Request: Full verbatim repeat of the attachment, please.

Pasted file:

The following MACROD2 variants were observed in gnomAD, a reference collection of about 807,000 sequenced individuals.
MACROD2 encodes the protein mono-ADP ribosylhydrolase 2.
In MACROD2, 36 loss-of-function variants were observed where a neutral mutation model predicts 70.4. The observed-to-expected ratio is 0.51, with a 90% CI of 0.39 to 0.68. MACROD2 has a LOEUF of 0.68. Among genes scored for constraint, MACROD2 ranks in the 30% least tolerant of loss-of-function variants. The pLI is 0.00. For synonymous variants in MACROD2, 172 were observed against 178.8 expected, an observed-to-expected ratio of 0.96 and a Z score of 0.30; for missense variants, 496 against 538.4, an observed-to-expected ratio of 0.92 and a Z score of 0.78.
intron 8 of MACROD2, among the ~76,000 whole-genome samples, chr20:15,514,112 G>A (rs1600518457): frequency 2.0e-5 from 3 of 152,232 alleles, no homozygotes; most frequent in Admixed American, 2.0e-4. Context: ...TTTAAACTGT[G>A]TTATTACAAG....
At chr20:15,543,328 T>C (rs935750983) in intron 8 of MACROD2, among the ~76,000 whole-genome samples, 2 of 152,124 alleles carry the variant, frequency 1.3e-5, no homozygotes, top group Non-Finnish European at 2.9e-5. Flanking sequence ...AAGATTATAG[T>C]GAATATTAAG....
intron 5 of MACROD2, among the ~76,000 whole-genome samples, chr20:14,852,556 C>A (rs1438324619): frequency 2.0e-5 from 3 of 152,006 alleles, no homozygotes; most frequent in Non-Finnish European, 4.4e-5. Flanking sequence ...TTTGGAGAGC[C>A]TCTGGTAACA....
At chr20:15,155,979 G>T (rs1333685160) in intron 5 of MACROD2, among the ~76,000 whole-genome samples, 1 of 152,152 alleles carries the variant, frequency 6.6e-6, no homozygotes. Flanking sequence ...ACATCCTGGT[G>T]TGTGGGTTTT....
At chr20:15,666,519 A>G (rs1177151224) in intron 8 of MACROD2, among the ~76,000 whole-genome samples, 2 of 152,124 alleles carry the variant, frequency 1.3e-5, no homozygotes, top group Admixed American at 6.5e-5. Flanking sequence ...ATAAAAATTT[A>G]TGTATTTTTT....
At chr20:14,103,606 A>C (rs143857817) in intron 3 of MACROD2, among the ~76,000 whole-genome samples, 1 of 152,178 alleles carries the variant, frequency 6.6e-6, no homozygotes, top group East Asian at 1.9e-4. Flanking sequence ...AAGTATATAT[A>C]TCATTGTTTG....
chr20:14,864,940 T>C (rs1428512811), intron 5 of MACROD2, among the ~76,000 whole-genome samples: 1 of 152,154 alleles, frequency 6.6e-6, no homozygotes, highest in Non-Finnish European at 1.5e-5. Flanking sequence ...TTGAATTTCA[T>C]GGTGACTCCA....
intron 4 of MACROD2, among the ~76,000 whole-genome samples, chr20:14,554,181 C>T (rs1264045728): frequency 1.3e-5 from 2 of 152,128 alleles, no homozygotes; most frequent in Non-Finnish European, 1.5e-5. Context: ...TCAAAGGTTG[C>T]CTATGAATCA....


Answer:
The following MACROD2 variants were observed in gnomAD, a reference collection of about 807,000 sequenced individuals.
MACROD2 encodes the protein mono-ADP ribosylhydrolase 2.
In MACROD2, 36 loss-of-function variants were observed where a neutral mutation model predicts 70.4. The observed-to-expected ratio is 0.51, with a 90% CI of 0.39 to 0.68. MACROD2 has a LOEUF of 0.68. Among genes scored for constraint, MACROD2 ranks in the 30% least tolerant of loss-of-function variants. The pLI is 0.00. For synonymous variants in MACROD2, 172 were observed against 178.8 expected, an observed-to-expected ratio of 0.96 and a Z score of 0.30; for missense variants, 496 against 538.4, an observed-to-expected ratio of 0.92 and a Z score of 0.78.
intron 8 of MACROD2, among the ~76,000 whole-genome samples, chr20:15,514,112 G>A (rs1600518457): frequency 2.0e-5 from 3 of 152,232 alleles, no homozygotes; most frequent in Admixed American, 2.0e-4. Context: ...TTTAAACTGT[G>A]TTATTACAAG....
At chr20:15,543,328 T>C (rs935750983) in intron 8 of MACROD2, among the ~76,000 whole-genome samples, 2 of 152,124 alleles carry the variant, frequency 1.3e-5, no homozygotes, top group Non-Finnish European at 2.9e-5. Flanking sequence ...AAGATTATAG[T>C]GAATATTAAG....
intron 5 of MACROD2, among the ~76,000 whole-genome samples, chr20:14,852,556 C>A (rs1438324619): frequency 2.0e-5 from 3 of 152,006 alleles, no homozygotes; most frequent in Non-Finnish European, 4.4e-5. Flanking sequence ...TTTGGAGAGC[C>A]TCTGGTAACA....
At chr20:15,155,979 G>T (rs1333685160) in intron 5 of MACROD2, among the ~76,000 whole-genome samples, 1 of 152,152 alleles carries the variant, frequency 6.6e-6, no homozygotes. Flanking sequence ...ACATCCTGGT[G>T]TGTGGGTTTT....
At chr20:15,666,519 A>G (rs1177151224) in intron 8 of MACROD2, among the ~76,000 whole-genome samples, 2 of 152,124 alleles carry the variant, frequency 1.3e-5, no homozygotes, top group Admixed American at 6.5e-5. Flanking sequence ...ATAAAAATTT[A>G]TGTATTTTTT....
At chr20:14,103,606 A>C (rs143857817) in intron 3 of MACROD2, among the ~76,000 whole-genome samples, 1 of 152,178 alleles carries the variant, frequency 6.6e-6, no homozygotes, top group East Asian at 1.9e-4. Flanking sequence ...AAGTATATAT[A>C]TCATTGTTTG....
chr20:14,864,940 T>C (rs1428512811), intron 5 of MACROD2, among the ~76,000 whole-genome samples: 1 of 152,154 alleles, frequency 6.6e-6, no homozygotes, highest in Non-Finnish European at 1.5e-5. Flanking sequence ...TTGAATTTCA[T>C]GGTGACTCCA....
intron 4 of MACROD2, among the ~76,000 whole-genome samples, chr20:14,554,181 C>T (rs1264045728): frequency 1.3e-5 from 2 of 152,128 alleles, no homozygotes; most frequent in Non-Finnish European, 1.5e-5. Context: ...TCAAAGGTTG[C>T]CTATGAATCA....